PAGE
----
Does this sound familiar? You’ve spent all day with your family. Maybe you ate a big meal. You caught up with your cousin about her latest vacation. You listened as your uncle told that story, again, about the year the turkey was accidentally served frozen.
And now you’re so exhausted you can barely see straight.
It’s not that you don’t love your family. In fact, you may have even enjoyed spending time with them. But after all that socializing, you feel like you’ve run a marathon. You’re both mentally drained and physically exhausted. Some members of your family, on the other hand, show no signs of slowing down — specifically, the more extroverted ones.
You start to wonder if there’s something wrong with you. Other people seem to be having fun, but you’re fighting a massive energy slump.
If this has happened to you, you’re not alone, and there’s nothing wrong with you. You’re probably an introvert, and you’re suffering from something that’s been dubbed the “introvert hangover”.
Of course, everyone gets worn out by socializing eventually (even extroverts, according to one study). That’s because talking, emoting, and listening expend energy. The introvert hangover is social burnout at its very worst.
Introverts are particularly susceptible to social burnout because socializing can overstimulate them. It has to do with the way introverts are wired. They tend to be more sensitive than extroverts to noise, activity, and other forms of stimulation. And, because of the way their brains respond to the “feel good” neurotransmitter dopamine, they just don’t get “high” off socializing like extroverts do.
Yes, the introvert hangover is real.
Here are 17 signs you’re suffering from one. You may not experience all these symptoms, or you may have somewhat different ones. What you experience will depend on your level of introversion, as well as how long you socialized, how much energy you had going into the event, and other factors.
Are you fighting an introvert hangover?
Signs You’re Suffering From an Introvert Hangover
1. Every little thing is getting on your nerves, from the way your spouse asked where the car keys are to your mom insisting that you take home leftovers.
2. Your brain feels like a pile of mush. You can’t think straight.
3. Similarly, you can’t make a decision about even the simplest thing. Do you want pumpkin pie or cherry? WHY IS THIS SO HARD?!
4. You say words that are close to what you mean, but not exactly. You just can’t seem to pull the right words from your brain anymore. “Brownie” becomes “candy” and “Where’s my coat?” becomes just a vague gesture.
5. If you’re really exhausted, your words may even come out slightly slurred — even if you’ve had little to no alcohol.
6. You’re tired. Like, really tired. You would fall asleep right now if someone gave you a comfy place to lie down.
7. You may feel physically unwell. Some introverts describe getting headaches, muscle aches, dizziness, or upset stomachs.
8. You feel discombobulated, as if things are happening in a blur. Your mind seems to be processing things in slow motion.
9. You feel trapped and anxious. You start calculating how to slip away from the event, party, or get-together, even though it’s not technically over yet.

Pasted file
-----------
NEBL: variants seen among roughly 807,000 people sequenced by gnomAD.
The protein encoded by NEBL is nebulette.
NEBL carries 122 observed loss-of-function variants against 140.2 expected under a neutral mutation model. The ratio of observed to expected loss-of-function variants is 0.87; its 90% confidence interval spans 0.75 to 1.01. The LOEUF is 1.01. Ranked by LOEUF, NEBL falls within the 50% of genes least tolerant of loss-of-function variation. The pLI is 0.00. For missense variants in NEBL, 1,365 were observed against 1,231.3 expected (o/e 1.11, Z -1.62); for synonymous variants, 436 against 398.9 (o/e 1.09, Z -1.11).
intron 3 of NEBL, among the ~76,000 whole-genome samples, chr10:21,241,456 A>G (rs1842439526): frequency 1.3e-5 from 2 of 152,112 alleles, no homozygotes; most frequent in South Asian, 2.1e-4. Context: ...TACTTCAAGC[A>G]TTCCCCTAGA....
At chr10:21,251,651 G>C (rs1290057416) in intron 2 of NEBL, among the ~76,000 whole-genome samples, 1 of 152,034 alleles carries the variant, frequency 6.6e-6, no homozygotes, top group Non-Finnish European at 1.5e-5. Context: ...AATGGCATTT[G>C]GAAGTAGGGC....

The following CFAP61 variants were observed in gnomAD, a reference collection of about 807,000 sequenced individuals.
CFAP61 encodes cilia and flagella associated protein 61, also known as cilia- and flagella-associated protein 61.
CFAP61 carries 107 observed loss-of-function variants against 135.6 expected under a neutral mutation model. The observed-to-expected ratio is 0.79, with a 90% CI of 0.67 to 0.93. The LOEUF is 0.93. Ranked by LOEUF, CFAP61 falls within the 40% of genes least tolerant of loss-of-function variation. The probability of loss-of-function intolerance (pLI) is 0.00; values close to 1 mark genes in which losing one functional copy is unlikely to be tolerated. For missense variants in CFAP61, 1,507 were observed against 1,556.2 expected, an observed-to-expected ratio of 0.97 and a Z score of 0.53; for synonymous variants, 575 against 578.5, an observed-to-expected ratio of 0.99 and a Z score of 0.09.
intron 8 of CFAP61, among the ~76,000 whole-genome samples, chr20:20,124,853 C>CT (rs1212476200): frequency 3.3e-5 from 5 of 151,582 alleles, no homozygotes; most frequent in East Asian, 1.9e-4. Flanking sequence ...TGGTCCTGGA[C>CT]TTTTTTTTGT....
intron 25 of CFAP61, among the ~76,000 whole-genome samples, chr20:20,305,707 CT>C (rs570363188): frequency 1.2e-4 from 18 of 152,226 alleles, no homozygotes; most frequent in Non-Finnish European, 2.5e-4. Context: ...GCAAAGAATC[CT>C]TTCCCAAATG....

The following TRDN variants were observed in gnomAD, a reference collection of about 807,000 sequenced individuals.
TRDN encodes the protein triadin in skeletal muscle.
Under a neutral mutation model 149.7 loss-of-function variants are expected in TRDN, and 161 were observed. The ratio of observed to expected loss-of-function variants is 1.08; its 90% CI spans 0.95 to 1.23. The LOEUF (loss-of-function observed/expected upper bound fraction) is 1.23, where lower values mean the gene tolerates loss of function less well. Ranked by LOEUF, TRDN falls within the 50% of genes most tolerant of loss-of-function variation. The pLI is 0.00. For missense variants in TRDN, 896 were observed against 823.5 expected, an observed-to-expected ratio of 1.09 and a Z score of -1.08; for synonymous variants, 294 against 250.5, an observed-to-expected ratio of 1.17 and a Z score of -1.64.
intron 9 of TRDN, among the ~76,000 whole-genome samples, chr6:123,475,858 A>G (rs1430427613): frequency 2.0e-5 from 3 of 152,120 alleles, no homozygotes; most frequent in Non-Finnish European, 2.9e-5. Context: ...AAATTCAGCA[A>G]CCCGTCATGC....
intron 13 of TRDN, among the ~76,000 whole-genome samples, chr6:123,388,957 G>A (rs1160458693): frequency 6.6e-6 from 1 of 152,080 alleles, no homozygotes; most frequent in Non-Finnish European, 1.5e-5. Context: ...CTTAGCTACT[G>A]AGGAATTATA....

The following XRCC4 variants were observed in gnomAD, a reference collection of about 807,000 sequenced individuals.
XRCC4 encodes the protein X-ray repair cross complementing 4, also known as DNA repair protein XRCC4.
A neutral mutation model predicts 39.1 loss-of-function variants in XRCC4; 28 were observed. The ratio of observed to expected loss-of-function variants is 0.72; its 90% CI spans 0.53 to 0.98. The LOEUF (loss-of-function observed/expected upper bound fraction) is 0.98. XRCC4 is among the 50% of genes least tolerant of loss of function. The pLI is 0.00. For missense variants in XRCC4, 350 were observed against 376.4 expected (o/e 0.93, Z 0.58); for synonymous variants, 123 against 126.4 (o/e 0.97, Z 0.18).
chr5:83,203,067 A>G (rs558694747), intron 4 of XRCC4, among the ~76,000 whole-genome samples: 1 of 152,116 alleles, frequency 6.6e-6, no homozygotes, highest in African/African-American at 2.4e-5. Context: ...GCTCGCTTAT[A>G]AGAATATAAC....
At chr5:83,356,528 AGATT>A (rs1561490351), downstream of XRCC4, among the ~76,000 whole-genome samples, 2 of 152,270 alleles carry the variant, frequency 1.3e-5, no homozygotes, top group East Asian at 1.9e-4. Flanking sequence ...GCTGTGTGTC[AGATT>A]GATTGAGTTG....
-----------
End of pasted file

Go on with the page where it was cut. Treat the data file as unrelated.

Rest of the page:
10. You may have depressive or negative thoughts. As you turn inward, your mind spirals downward. You question decisions you’ve made or wonder about the meaning of it all.
11. You’re not acting like your normal self.
12. You go quiet. People start asking, “Are you okay?” Or, “Why are you being so quiet?”
13. You just can’t do polite chitchat anymore. You’re craving something of deeper sustenance.
14. You’re zoning out, unable to concentrate well. Someone annoyingly waves a hand in front of your face and says, “Helloooooo! Anybody home?”
15. You’re struggling to explain your mental state and lack of energy. People are interpreting your quietness as rudeness, standoffishness, or disinterest.
16. Noises seem louder. Lights seem brighter.
17. All you want to do is get away from it all and go be alone, preferably somewhere calm and quiet, like your bedroom.
The Only Cure for an Introvert Hangover
If you’re suffering from an introvert hangover, there’s only one way to get relief: Spend time alone, preferably in a calm, quiet place. Do something that boosts your energy and mood, like reading a good book, watching a favorite show, or indulging in a favorite hobby. For introverts, solitude is as nourishing as food and water.
If you’re stuck at an event and can’t get away, you can still start to recover some of your energy. Leave the party and go for a short walk by yourself. Help clear the table or do another chore; having a task to focus on can help, and it’s an excuse to not chat for a while. Most important, leave the event before you’ve hit rock bottom on your energy levels.
Above all, remember that your needs as an introvert are valid. In a society that values the extrovert’s way, introverts may feel like their way of being is “wrong.” Or introverts may worry that their needs will inconvenience someone or hurt someone’s feelings. So they hide their needs or pretend that they don’t have them. As a result, they often end up suffering in silence.
It’s okay to need to leave the party early. It’s okay to need to spend time alone in a quiet place. Your needs are perfectly valid, too.
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Learn more: The Secret Lives of Introverts: Inside Our Hidden World, by Jenn Granneman
Image credit: @Hayley_Alexander via Twenty20